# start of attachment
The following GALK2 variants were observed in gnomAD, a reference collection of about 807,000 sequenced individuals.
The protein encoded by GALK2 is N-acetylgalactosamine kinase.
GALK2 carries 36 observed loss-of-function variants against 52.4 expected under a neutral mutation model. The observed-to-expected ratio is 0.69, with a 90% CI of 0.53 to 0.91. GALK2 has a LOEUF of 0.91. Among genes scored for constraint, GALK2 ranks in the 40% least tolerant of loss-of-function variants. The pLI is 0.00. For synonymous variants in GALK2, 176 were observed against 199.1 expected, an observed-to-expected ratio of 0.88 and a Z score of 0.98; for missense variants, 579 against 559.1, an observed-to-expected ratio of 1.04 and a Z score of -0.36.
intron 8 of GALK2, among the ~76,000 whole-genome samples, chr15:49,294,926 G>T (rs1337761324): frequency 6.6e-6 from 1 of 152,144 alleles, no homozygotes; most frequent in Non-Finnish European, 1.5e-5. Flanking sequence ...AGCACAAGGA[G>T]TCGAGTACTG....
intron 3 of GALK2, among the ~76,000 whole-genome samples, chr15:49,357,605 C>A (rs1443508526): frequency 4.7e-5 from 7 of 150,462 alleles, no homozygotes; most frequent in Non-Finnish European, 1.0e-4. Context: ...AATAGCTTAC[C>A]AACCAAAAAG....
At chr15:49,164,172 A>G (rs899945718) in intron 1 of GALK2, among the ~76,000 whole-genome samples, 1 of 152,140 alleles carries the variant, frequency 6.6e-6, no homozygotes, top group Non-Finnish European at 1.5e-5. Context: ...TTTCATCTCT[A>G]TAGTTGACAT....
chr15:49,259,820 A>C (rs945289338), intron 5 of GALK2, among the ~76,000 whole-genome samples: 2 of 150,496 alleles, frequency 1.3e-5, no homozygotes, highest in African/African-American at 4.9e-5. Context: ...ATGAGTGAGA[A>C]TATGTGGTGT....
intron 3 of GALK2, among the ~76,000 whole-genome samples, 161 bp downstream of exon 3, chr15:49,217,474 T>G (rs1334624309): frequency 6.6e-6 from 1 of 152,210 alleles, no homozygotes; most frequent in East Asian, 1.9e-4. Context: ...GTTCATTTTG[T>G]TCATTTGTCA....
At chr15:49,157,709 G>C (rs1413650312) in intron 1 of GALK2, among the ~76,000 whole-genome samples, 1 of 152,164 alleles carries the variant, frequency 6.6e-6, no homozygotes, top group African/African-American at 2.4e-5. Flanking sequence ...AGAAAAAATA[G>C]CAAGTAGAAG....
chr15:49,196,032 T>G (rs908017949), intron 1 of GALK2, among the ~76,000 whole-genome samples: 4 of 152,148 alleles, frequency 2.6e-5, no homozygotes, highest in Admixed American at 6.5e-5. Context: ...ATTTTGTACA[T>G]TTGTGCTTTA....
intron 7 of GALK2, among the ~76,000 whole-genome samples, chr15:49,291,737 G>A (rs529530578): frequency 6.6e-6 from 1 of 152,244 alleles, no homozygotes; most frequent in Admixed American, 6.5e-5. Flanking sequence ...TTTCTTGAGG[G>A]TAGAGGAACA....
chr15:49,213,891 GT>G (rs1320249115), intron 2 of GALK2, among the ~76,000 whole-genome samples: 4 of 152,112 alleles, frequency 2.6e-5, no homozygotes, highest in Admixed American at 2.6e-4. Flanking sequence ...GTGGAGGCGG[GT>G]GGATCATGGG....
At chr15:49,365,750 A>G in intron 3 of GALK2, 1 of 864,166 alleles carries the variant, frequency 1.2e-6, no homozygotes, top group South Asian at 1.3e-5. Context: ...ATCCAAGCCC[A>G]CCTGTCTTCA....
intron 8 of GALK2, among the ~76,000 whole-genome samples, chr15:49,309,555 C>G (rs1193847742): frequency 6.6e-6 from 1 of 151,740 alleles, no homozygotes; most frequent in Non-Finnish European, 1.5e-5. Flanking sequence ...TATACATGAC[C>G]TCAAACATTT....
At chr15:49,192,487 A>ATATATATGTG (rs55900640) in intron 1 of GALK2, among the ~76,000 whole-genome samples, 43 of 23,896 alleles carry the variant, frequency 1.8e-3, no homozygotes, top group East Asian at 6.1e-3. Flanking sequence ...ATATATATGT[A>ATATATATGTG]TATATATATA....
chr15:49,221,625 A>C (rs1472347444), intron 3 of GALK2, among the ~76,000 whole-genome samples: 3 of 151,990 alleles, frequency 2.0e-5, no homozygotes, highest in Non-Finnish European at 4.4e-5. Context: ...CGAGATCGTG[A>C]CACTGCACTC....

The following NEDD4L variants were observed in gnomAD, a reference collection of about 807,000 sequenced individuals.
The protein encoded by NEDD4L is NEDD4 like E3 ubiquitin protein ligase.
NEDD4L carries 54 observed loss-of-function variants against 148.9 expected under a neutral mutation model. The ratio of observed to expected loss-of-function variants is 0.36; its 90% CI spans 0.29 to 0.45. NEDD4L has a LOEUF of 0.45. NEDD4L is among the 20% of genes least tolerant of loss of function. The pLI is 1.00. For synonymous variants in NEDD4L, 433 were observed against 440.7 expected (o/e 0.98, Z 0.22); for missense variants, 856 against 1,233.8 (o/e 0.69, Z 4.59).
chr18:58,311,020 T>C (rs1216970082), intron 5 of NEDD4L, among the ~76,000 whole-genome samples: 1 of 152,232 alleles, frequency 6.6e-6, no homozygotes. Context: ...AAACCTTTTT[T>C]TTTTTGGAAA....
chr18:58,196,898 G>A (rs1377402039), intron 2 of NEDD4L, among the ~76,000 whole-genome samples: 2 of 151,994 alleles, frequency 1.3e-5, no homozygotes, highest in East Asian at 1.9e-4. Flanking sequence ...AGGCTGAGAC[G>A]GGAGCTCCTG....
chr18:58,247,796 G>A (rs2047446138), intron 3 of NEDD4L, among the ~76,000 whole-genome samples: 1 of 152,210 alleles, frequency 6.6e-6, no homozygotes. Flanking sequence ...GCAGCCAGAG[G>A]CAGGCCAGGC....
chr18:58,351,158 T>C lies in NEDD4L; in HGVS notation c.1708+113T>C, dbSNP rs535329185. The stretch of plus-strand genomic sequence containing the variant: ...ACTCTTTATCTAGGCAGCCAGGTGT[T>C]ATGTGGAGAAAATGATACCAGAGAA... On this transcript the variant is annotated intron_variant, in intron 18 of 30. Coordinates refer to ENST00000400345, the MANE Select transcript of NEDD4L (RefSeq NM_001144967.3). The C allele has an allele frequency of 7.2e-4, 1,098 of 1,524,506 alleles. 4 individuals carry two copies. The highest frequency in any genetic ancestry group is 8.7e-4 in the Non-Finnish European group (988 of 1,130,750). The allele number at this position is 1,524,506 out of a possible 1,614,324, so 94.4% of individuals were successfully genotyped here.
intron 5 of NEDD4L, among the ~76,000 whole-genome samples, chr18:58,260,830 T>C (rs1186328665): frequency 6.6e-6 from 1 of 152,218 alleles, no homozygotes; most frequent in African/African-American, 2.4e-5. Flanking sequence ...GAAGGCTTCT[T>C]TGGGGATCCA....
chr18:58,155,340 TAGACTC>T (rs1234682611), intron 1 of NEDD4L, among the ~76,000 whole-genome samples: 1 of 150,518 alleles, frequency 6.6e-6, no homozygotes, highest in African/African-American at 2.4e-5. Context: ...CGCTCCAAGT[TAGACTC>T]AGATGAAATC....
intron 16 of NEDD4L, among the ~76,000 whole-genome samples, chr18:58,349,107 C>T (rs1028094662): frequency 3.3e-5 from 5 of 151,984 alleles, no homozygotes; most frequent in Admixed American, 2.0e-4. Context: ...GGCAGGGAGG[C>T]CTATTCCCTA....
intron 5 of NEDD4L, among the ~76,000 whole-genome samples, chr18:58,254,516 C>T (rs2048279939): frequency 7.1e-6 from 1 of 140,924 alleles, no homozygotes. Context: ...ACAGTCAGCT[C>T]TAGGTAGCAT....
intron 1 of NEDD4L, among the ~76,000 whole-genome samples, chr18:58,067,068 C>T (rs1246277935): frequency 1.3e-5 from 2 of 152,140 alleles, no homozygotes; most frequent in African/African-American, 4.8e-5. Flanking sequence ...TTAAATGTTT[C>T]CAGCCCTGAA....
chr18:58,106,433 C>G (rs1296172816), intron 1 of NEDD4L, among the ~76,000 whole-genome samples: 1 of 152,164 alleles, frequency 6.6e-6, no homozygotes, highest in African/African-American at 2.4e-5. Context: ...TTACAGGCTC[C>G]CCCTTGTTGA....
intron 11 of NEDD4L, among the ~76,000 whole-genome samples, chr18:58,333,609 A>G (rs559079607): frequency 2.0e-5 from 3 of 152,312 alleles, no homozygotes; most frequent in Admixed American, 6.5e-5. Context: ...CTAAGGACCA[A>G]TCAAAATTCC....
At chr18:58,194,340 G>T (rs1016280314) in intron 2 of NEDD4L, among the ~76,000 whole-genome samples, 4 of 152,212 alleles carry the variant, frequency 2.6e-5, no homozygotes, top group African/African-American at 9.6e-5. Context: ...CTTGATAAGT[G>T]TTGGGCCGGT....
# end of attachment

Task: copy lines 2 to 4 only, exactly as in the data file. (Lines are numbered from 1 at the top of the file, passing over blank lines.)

The protein encoded by GALK2 is N-acetylgalactosamine kinase.
GALK2 carries 36 observed loss-of-function variants against 52.4 expected under a neutral mutation model. The observed-to-expected ratio is 0.69, with a 90% CI of 0.53 to 0.91. GALK2 has a LOEUF of 0.91. Among genes scored for constraint, GALK2 ranks in the 40% least tolerant of loss-of-function variants. The pLI is 0.00. For synonymous variants in GALK2, 176 were observed against 199.1 expected, an observed-to-expected ratio of 0.88 and a Z score of 0.98; for missense variants, 579 against 559.1, an observed-to-expected ratio of 1.04 and a Z score of -0.36.
intron 8 of GALK2, among the ~76,000 whole-genome samples, chr15:49,294,926 G>T (rs1337761324): frequency 6.6e-6 from 1 of 152,144 alleles, no homozygotes; most frequent in Non-Finnish European, 1.5e-5. Flanking sequence ...AGCACAAGGA[G>T]TCGAGTACTG....